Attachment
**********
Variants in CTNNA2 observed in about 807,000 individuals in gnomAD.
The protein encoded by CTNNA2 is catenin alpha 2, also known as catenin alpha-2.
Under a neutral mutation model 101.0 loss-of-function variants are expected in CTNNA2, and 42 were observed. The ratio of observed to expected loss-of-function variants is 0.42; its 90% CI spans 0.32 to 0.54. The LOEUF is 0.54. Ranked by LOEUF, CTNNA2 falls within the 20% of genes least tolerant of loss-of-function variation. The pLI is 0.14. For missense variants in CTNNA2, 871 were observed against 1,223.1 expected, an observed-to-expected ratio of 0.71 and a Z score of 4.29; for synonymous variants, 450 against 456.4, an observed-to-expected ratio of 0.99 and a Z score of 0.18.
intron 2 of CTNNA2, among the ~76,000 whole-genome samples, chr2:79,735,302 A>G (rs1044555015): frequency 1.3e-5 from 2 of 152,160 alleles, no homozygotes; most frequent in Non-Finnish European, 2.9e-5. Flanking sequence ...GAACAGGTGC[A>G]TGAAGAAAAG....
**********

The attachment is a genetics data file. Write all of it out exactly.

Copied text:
Variants in CTNNA2 observed in about 807,000 individuals in gnomAD.
The protein encoded by CTNNA2 is catenin alpha 2, also known as catenin alpha-2.
Under a neutral mutation model 101.0 loss-of-function variants are expected in CTNNA2, and 42 were observed. The ratio of observed to expected loss-of-function variants is 0.42; its 90% CI spans 0.32 to 0.54. The LOEUF is 0.54. Ranked by LOEUF, CTNNA2 falls within the 20% of genes least tolerant of loss-of-function variation. The pLI is 0.14. For missense variants in CTNNA2, 871 were observed against 1,223.1 expected, an observed-to-expected ratio of 0.71 and a Z score of 4.29; for synonymous variants, 450 against 456.4, an observed-to-expected ratio of 0.99 and a Z score of 0.18.
intron 2 of CTNNA2, among the ~76,000 whole-genome samples, chr2:79,735,302 A>G (rs1044555015): frequency 1.3e-5 from 2 of 152,160 alleles, no homozygotes; most frequent in Non-Finnish European, 2.9e-5. Flanking sequence ...GAACAGGTGC[A>G]TGAAGAAAAG....